A: When people asked me this question, I didn’t know that there was anything wrong with what I was writing. And I’m only just realising now that I must have tickled a couple of people’s moral boundaries. I’m sorry. I think I wrote as truthfully as I could. While many have referred to it as soft porn, I believe I stuck to the story as truthfully as I could, and if that’s the experience they took from the book, it is completely fine because that’s their reality.
Q: What is that one lesson that you would want every reader that reads Nearly all the men in Lagos are mad to take away from the experience?
A: We should all learn to show each other kindness and empathy. Sometimes, wear the other person’s shoes and be kind. I think that people forget the hustle and bustle of the city, the stress of living in Lagos, and the art of being kind.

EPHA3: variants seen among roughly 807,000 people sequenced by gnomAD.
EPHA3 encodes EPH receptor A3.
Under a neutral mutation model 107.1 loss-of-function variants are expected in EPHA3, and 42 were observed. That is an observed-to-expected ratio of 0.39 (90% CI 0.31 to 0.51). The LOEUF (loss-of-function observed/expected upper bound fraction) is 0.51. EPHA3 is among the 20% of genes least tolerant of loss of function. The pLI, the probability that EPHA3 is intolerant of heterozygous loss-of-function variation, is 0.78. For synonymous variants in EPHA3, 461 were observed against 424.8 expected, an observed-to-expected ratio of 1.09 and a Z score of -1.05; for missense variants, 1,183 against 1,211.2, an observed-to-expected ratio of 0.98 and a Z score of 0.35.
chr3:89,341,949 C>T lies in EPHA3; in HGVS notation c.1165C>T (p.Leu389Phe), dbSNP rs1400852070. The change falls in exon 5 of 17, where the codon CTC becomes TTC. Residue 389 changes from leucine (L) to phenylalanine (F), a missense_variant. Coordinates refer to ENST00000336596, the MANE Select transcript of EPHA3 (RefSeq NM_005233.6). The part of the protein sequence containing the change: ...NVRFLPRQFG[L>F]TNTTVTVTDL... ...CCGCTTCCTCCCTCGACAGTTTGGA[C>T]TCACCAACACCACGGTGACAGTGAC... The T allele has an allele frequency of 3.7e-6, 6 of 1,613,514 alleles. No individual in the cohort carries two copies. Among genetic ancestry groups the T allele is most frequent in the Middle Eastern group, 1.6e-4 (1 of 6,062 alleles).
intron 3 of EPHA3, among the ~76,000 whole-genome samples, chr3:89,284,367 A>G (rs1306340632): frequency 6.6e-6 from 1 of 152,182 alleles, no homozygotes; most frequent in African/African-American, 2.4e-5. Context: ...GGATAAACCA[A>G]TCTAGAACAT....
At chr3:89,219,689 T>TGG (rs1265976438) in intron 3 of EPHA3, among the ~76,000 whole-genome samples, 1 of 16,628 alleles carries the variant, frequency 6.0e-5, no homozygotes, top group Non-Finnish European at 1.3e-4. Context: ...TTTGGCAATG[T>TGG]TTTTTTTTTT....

Adedayo Onabade is a Nigerian essayist, fiction, and poetry writer. She holds a B.A. from Olabisi Onabanjo University and an M.A. from the University of Lagos, both in English Literature. Her works have been shortlisted for SynCity's 'Poetry in times of Corona' and #TwitterWritingContest.
Adedayo volunteers with STER (Stand to End Rape Initiative), a social justice organization that works to combat sexual and gender-based violence against women, girls, and vulnerable people. Outside writing, she is fascinated by NatGeoWild, art galleries, reading, and documentaries.